Trouble on India’s high seasBy Asia Sentinel Oct 22, 2013 11:49AM UTC
Authorities catch a suspicious anti-piracy vessel, writes Asia Sentinel’s Neeta Lal
The intrusion into Indian waters of the anti-pirate vessel MV Seaman Guard Ohio has angered Indian authorities who are already steaming over the February, 2012 shooting by Italians guarding an oil tanker of two apparently innocent fishermen.
The Seaman Guard Ohio, owned by a US security firm called AdvanFort, was stopped by the Indian Coast Guard off southern Tamil Nadu last week, which found it bristling with weapons and an international cast of elite former military personnel. Although though the ship’s real intent in wading into Indian waters is ambiguous and under investigation by the authorities, AdvanFort’s spokesman in Virginia, told Asia Sentinel that the vessel was “forced into the 12-mile zone by a typhoon.”
However, the Indian establishment isn’t convinced. “The simple explanation that the vessel was providing security to other merchant vessels from pirates cannot be taken at face value,” Vice Admiral (retd.) K N Sushil, former Commander-in-Chief of the Southern Naval Command said in a media interview.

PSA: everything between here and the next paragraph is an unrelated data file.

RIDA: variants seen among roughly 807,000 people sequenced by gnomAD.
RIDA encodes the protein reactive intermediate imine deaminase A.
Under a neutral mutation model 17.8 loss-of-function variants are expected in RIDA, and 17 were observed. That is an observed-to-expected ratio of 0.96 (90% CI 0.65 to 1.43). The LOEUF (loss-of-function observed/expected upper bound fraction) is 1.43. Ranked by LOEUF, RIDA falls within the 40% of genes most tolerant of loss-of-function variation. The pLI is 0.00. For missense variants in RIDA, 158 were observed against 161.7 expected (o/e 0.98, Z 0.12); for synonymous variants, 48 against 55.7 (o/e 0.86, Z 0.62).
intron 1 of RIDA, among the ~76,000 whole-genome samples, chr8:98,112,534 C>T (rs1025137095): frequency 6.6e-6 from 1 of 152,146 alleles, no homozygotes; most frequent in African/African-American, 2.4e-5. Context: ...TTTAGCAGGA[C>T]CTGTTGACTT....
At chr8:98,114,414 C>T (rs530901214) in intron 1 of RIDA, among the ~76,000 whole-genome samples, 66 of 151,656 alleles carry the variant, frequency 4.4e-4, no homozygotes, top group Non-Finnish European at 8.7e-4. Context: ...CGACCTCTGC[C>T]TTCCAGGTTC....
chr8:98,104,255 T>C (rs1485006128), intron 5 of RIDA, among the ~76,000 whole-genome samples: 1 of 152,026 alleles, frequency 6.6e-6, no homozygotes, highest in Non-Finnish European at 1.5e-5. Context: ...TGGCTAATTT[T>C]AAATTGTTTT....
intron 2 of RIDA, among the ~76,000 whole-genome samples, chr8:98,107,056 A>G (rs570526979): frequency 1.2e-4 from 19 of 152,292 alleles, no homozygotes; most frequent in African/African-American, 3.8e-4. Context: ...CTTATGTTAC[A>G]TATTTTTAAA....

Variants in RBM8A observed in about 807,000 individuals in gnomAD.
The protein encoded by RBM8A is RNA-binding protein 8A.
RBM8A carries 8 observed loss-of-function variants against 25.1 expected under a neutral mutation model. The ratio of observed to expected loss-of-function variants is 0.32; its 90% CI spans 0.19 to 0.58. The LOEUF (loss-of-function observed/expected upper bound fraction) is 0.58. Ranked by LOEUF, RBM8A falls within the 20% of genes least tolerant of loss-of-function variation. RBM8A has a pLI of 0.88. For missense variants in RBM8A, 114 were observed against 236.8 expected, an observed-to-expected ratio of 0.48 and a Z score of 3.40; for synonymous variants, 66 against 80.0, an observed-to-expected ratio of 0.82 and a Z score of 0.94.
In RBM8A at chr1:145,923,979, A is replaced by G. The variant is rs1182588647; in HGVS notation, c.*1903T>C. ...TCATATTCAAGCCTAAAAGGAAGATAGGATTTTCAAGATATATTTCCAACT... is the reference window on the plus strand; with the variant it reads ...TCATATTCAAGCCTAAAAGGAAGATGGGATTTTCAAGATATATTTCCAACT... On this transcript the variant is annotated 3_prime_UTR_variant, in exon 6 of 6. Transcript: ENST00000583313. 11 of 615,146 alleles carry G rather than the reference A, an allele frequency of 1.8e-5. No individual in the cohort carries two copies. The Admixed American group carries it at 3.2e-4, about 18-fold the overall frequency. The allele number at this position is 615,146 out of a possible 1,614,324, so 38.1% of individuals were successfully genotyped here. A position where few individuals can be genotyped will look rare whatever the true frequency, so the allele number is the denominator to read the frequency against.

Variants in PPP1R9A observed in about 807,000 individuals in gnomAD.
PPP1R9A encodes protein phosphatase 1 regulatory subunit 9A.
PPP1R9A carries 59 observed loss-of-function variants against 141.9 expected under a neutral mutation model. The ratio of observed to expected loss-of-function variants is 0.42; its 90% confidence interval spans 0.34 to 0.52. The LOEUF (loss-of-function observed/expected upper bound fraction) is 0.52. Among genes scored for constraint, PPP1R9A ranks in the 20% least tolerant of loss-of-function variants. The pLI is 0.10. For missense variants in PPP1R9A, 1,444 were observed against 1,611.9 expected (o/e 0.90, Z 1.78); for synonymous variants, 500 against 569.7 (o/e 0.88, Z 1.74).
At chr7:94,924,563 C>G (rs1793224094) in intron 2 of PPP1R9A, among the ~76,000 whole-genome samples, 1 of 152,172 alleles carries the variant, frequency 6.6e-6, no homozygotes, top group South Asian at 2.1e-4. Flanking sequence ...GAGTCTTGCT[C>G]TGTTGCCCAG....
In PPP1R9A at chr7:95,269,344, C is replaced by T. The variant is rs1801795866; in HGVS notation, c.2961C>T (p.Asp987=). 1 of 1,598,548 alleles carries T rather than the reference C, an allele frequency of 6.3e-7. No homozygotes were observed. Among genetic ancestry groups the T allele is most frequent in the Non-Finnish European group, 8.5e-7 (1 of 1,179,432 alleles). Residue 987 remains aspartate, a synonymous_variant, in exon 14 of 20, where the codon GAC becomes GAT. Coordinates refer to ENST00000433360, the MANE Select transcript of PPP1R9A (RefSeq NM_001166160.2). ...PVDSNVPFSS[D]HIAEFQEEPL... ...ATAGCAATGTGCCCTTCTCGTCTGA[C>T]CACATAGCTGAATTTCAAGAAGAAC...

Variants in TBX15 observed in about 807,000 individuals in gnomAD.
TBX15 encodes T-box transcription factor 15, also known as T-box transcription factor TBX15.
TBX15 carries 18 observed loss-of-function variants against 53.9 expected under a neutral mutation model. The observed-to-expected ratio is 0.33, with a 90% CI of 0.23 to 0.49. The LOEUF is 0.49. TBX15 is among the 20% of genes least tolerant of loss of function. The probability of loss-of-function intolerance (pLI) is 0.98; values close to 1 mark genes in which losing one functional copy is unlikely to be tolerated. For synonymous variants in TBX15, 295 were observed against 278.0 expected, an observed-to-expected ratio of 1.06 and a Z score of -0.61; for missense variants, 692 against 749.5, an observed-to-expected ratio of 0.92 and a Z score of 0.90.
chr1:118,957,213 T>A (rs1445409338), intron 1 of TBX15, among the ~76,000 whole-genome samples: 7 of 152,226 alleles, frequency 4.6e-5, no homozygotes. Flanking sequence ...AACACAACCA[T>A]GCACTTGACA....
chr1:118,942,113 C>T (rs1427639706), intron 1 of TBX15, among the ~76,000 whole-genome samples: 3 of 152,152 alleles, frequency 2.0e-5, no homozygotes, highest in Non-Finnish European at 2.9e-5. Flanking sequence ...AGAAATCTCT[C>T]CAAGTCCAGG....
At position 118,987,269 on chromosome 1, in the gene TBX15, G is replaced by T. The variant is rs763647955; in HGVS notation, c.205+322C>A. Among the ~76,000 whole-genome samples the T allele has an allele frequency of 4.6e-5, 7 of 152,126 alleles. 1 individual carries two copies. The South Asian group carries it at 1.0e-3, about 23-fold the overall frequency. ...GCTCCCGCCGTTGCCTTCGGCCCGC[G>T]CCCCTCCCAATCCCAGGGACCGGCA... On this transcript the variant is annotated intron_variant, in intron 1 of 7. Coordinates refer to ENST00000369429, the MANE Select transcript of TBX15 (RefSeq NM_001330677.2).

“Who authorized them? What are the conditionalities involved? Who pays them? What is the right of passage for the vessel to enter Indian territorial waters? Who sanctioned them the right to operate with armed guards? If no countries have issued such a sanction, they themselves should be treated as pirates,” Sushil said.
With just a month remaining before the anniversary of the November massacre when Pakistani militants laid siege to India’s commercial capital of Mumbai, killing 200 people, seizure of the heavily armed vessel in Indian waters has raised alarm bells. Also, with the legal status of floating armories of this kind being unclear, the issue has created a buzz in the corridors of powers in New Delhi.
“In this election year,” said defense analyst Vikramjeet Singh, “the ruling dispensation would like to get to the bottom of the matter ASAP. It can’t afford to provide the Opposition a stick to beat it with on such a sensitive matter.”
India is increasingly sensitive to violations of its maritime boundaries and directly supports the multi-national campaign to combat Somali pirates targeting ships in the Indian Ocean with its own navy. But it has been controversial too given the embroilment of India and Italy in the diplomatic row over the deaths of the two fishermen.
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